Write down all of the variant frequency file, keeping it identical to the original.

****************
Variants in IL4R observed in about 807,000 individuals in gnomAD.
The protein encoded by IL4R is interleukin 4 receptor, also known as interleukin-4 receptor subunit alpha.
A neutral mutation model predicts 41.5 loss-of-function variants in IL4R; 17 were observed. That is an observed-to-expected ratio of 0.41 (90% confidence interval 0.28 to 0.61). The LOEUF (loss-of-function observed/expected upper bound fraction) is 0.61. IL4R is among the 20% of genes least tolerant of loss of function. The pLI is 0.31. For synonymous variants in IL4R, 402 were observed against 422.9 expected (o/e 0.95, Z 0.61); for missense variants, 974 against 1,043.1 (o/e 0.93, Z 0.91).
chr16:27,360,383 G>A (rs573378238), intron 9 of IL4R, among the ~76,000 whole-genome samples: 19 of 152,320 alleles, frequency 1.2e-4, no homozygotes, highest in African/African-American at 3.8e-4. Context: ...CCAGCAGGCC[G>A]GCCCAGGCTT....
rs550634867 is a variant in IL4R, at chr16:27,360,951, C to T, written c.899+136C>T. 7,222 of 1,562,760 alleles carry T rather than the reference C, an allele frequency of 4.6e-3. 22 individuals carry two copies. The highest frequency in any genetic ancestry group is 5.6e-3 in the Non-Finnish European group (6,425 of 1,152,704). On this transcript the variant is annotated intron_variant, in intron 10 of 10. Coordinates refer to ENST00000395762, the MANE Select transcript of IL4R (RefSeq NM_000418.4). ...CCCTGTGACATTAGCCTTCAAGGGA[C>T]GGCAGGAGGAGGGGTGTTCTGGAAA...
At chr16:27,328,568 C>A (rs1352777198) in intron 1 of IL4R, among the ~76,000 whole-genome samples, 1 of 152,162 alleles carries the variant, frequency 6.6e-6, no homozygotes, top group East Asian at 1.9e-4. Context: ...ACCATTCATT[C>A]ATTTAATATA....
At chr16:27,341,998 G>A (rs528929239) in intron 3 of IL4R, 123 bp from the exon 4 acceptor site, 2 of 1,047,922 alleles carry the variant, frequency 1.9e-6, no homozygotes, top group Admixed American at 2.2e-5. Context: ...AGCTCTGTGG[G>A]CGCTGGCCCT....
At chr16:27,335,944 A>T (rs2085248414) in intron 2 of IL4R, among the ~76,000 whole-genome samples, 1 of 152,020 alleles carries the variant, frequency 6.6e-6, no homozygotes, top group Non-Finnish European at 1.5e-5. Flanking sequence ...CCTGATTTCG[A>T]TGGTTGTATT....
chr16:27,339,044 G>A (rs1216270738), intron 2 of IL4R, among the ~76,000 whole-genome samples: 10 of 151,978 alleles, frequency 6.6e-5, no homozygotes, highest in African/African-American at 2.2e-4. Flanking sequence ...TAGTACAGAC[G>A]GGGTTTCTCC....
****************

Variants in IL4R observed in about 807,000 individuals in gnomAD.
The protein encoded by IL4R is interleukin 4 receptor, also known as interleukin-4 receptor subunit alpha.
A neutral mutation model predicts 41.5 loss-of-function variants in IL4R; 17 were observed. That is an observed-to-expected ratio of 0.41 (90% confidence interval 0.28 to 0.61). The LOEUF (loss-of-function observed/expected upper bound fraction) is 0.61. IL4R is among the 20% of genes least tolerant of loss of function. The pLI is 0.31. For synonymous variants in IL4R, 402 were observed against 422.9 expected (o/e 0.95, Z 0.61); for missense variants, 974 against 1,043.1 (o/e 0.93, Z 0.91).
chr16:27,360,383 G>A (rs573378238), intron 9 of IL4R, among the ~76,000 whole-genome samples: 19 of 152,320 alleles, frequency 1.2e-4, no homozygotes, highest in African/African-American at 3.8e-4. Context: ...CCAGCAGGCC[G>A]GCCCAGGCTT....
rs550634867 is a variant in IL4R, at chr16:27,360,951, C to T, written c.899+136C>T. 7,222 of 1,562,760 alleles carry T rather than the reference C, an allele frequency of 4.6e-3. 22 individuals carry two copies. The highest frequency in any genetic ancestry group is 5.6e-3 in the Non-Finnish European group (6,425 of 1,152,704). On this transcript the variant is annotated intron_variant, in intron 10 of 10. Coordinates refer to ENST00000395762, the MANE Select transcript of IL4R (RefSeq NM_000418.4). ...CCCTGTGACATTAGCCTTCAAGGGA[C>T]GGCAGGAGGAGGGGTGTTCTGGAAA...
At chr16:27,328,568 C>A (rs1352777198) in intron 1 of IL4R, among the ~76,000 whole-genome samples, 1 of 152,162 alleles carries the variant, frequency 6.6e-6, no homozygotes, top group East Asian at 1.9e-4. Context: ...ACCATTCATT[C>A]ATTTAATATA....
At chr16:27,341,998 G>A (rs528929239) in intron 3 of IL4R, 123 bp from the exon 4 acceptor site, 2 of 1,047,922 alleles carry the variant, frequency 1.9e-6, no homozygotes, top group Admixed American at 2.2e-5. Context: ...AGCTCTGTGG[G>A]CGCTGGCCCT....
At chr16:27,335,944 A>T (rs2085248414) in intron 2 of IL4R, among the ~76,000 whole-genome samples, 1 of 152,020 alleles carries the variant, frequency 6.6e-6, no homozygotes, top group Non-Finnish European at 1.5e-5. Flanking sequence ...CCTGATTTCG[A>T]TGGTTGTATT....
chr16:27,339,044 G>A (rs1216270738), intron 2 of IL4R, among the ~76,000 whole-genome samples: 10 of 151,978 alleles, frequency 6.6e-5, no homozygotes, highest in African/African-American at 2.2e-4. Flanking sequence ...TAGTACAGAC[G>A]GGGTTTCTCC....